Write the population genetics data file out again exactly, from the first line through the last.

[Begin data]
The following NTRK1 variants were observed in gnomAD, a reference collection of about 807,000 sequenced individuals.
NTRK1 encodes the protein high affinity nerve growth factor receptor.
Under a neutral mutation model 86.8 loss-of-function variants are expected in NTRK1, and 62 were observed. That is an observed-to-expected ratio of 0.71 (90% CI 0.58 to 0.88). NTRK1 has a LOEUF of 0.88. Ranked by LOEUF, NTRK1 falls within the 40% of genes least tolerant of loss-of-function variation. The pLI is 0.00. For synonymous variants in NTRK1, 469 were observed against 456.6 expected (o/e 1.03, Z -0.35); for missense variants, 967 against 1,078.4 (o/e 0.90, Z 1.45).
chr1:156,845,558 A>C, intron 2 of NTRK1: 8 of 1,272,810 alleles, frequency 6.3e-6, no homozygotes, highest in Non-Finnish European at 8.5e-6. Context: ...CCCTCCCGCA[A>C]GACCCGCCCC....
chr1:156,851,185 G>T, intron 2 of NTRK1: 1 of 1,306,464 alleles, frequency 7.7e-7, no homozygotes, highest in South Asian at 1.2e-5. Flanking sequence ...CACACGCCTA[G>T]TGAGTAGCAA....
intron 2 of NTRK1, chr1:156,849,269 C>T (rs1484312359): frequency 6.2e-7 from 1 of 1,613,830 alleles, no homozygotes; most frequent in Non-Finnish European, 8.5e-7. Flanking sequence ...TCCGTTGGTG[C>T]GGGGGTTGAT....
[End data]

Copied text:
The following NTRK1 variants were observed in gnomAD, a reference collection of about 807,000 sequenced individuals.
NTRK1 encodes the protein high affinity nerve growth factor receptor.
Under a neutral mutation model 86.8 loss-of-function variants are expected in NTRK1, and 62 were observed. That is an observed-to-expected ratio of 0.71 (90% CI 0.58 to 0.88). NTRK1 has a LOEUF of 0.88. Ranked by LOEUF, NTRK1 falls within the 40% of genes least tolerant of loss-of-function variation. The pLI is 0.00. For synonymous variants in NTRK1, 469 were observed against 456.6 expected (o/e 1.03, Z -0.35); for missense variants, 967 against 1,078.4 (o/e 0.90, Z 1.45).
chr1:156,845,558 A>C, intron 2 of NTRK1: 8 of 1,272,810 alleles, frequency 6.3e-6, no homozygotes, highest in Non-Finnish European at 8.5e-6. Context: ...CCCTCCCGCA[A>C]GACCCGCCCC....
chr1:156,851,185 G>T, intron 2 of NTRK1: 1 of 1,306,464 alleles, frequency 7.7e-7, no homozygotes, highest in South Asian at 1.2e-5. Flanking sequence ...CACACGCCTA[G>T]TGAGTAGCAA....
intron 2 of NTRK1, chr1:156,849,269 C>T (rs1484312359): frequency 6.2e-7 from 1 of 1,613,830 alleles, no homozygotes; most frequent in Non-Finnish European, 8.5e-7. Flanking sequence ...TCCGTTGGTG[C>T]GGGGGTTGAT....